Japan has been on my wish list since I was a child. Growing up in Bangkok is like having small bits of Japan fed to you. My favorite cartoons were Japanese, my favorite candy was Japanese and my love for sushi and everything made with green tea grew year by year. In Thailand, Japan is one of the top honeymoon destinations so finally we were visiting a ‘normal’ honeymoon destination.
However, as we are on a round the world trip, one of the things we take into consideration is our budget and Japan is rumored to be an expensive place to visit. Everyone’s question when they hear that Japan was one of our next destinations was how we were going to manage our budget as Japan is crazy expensive. On the other hand, other travelers who have actually visited Japan all agreed that Japan can also be done on a smaller budget. We did a lot of research online and found out that with some preparations and in our case some luck, we can stretch our yens in Japan.
The main expenses we encounter on all our trips are accommodation, travel, food and what we call fun budget (admission fees etc). With this in mind, we searched high and low through blogs, forums and guide books on how to best curb costs while still having the full experience. Beside just visiting, after being on the road for a couple of months through some rough and ready countries, we were in need of some easy travel and comfort and treated Japan as a small holiday in our travels.
Luck helped us out here as in both Tokyo and Kyoto, Khaosan, a famous Japanese hostel chain was opening up additional locations and in the case of Tokyo, our first night in the hostel was actually the first night the hostel opened. We were treated with promotional discounts which gave us 50% discount in addition to enjoying brand new beds, bathrooms and kitchen facilities. Japanese hostel chains are good options as the price-quality ratio is high and they are also great places to meet other travelers.
Good chains to check out are Khaosan, J hopper, Hana Hostel and K’s House. You have the choice between dorms (usually from 4 to 14 beds) and private rooms – either Japanese or Western style. Shared facilities are really clean and you usually get free toiletries, coffee, tea and a fully equipped kitchen. Staff are always very knowledgeable, helpful and full of smiles. With our promotional discount and early bookings, for dorm rooms, we came to an average of 1,700 yen ($17) per person per night.
Our kimono capsule dorm, Kyoto
For the full Japanese experience, many travelers like to stay at a Ryokan, however these are usually very expensive. In smaller towns, we tried to find old inns (in Kurashiki, we stayed at a 350 year old inn) which was now a small guesthouse run by volunteers for the experience of staying at an old Japanese house without breaking our budget.
Outside of cities where there usually are no hostels, prices for accommodation can rise. However, in addition to small family run guesthouses, there are programs which helps visitors enjoy the countryside without the high expenses. One such program is The International Villa group, which currently has 2 locations where old homes are opened up to foreigners to allow them to fully enjoy the Japanese countryside on a friendly budget. In Hattoji, a small village where your days are spent hiking forest trails or biking through rice paddies, the neon lights and skyscraper Japan seems very far away.
Our beautiful Japanese home, Hattoji
We stayed at a beautiful home with rice paper walls, tatami mats, traditional Japanese fireplace and a lovely wooden bath and were lucky enough to have the entire house all to ourselves as we were the only visitors. The caretaker shows you around and points out how everything works but then leaves so you feel like it is your own home. For the inn and the countryside home, we paid 3,500 yen ($35) per person per night.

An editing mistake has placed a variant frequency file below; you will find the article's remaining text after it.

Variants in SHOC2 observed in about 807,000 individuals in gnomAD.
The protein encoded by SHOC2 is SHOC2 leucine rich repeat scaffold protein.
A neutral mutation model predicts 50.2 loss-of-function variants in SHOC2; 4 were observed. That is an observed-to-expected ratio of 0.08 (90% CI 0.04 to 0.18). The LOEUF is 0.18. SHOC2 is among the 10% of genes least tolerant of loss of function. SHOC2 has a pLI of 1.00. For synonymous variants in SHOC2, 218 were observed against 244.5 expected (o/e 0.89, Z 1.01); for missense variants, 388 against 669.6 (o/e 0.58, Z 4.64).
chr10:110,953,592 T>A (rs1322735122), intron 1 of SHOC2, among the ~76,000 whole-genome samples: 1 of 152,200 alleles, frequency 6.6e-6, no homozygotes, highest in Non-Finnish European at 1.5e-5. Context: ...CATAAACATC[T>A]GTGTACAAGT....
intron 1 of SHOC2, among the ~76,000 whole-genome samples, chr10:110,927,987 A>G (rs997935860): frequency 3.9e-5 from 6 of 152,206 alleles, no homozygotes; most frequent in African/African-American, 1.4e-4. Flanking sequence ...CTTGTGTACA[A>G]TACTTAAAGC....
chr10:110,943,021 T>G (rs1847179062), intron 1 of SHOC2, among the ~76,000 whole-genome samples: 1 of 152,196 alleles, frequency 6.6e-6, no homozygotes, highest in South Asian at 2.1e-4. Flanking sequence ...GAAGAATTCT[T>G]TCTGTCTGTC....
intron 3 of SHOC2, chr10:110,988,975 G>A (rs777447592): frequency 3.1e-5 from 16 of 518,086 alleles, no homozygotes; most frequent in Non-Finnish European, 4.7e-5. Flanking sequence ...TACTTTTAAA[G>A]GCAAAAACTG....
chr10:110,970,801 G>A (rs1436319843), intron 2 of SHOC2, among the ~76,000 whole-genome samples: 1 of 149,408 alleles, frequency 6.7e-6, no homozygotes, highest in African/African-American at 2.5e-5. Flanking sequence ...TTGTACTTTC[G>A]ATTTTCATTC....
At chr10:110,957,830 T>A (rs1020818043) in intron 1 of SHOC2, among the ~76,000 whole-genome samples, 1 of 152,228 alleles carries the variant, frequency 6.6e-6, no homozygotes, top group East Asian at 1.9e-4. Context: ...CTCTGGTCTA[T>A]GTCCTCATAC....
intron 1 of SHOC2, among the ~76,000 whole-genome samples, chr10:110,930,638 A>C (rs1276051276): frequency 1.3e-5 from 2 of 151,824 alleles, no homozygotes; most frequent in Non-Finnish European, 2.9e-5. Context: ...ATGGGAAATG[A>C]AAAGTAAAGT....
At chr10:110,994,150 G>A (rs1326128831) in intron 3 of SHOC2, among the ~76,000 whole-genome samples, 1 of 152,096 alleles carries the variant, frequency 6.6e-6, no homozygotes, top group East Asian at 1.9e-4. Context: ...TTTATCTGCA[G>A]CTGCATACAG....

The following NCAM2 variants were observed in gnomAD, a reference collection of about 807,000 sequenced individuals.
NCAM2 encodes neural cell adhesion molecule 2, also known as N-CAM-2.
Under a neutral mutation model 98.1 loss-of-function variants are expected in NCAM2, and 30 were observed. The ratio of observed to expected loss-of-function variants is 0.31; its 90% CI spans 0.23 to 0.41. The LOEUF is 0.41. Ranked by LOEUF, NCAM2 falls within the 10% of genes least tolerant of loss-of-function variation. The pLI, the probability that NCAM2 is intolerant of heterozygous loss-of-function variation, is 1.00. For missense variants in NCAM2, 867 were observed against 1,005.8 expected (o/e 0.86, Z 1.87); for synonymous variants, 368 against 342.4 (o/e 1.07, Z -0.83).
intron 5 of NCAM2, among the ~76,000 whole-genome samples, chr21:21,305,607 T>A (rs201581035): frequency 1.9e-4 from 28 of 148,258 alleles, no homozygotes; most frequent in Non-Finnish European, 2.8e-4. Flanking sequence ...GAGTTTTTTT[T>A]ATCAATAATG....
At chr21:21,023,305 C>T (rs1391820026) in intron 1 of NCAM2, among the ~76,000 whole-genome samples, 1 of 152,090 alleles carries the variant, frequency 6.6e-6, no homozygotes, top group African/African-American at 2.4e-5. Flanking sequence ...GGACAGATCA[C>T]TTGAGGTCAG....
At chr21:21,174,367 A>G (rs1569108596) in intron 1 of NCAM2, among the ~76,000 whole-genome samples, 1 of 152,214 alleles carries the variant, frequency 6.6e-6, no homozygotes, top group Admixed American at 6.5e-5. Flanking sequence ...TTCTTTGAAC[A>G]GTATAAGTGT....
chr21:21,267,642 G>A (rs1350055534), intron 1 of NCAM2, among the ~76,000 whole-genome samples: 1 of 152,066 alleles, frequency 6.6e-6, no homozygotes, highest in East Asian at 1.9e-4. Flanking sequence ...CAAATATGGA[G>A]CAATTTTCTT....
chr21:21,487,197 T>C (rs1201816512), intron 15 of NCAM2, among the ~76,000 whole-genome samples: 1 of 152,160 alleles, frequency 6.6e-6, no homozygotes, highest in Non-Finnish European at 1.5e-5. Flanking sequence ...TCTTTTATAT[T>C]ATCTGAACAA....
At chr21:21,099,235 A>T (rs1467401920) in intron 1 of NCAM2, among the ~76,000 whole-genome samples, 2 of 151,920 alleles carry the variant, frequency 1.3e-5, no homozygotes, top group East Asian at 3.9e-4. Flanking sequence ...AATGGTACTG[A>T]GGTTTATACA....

A full post on all the places we called home in Japan will be up soon.
A must for travelling in Japan is the Japan Rail Pass. The catch is that this pass can only be bought outside of Japan. These passes can be bought through licensed travel agencies or online. It is quite easy to find a travel agency that will sell you the Rail pass exchange order which you can change into the real Rail pass within Japan. This can be done only with your passport which shows your visa entry stamp indicating that you are a Temporary visitor (Japan’s tourist visa stamp).
You have the choice between 7, 14 and 21 days and this starts from the day that you first indicate on your pass. We went for the 14 days pass which costs us 45,100 yen. After 14 days of travelling, we calculated that without the pass we would have come to nearly 83,000 yen, so yes, this is the best budgeting tip for travelling in Japan. Japanese trains including the super fast shinkansens are wonderful to use and extremely clean and comfortable.
Another option which is gaining popularity are the long distance buses which you can also purchase passes for. Tickets can easily be bought online and as we did more travelling than we originally planned for our Rail pass, we tried this option and used the Willer Express. The buses are very clean with privacy caps that can be pulled down over your face and everyone has a personal entertainment screen. It is also a comfortable way of travelling and is cheaper than the train however, the journey does take longer than travelling by train. For example, Kyoto – Tokyo by shinkansen train costs 13,200 yen ($132) – 2,5 hours, versus only 5,500 yen ($55) – 8 hours by Willer Express bus. However, we felt that travelling through Japan by train does give you the ultimate Japan experience.
There are many more ways to keep your budget down in Japan, however, these were our experiences which made us realize that Japan can be as cheap or expensive as your want to make it without losing out on comfort or ease.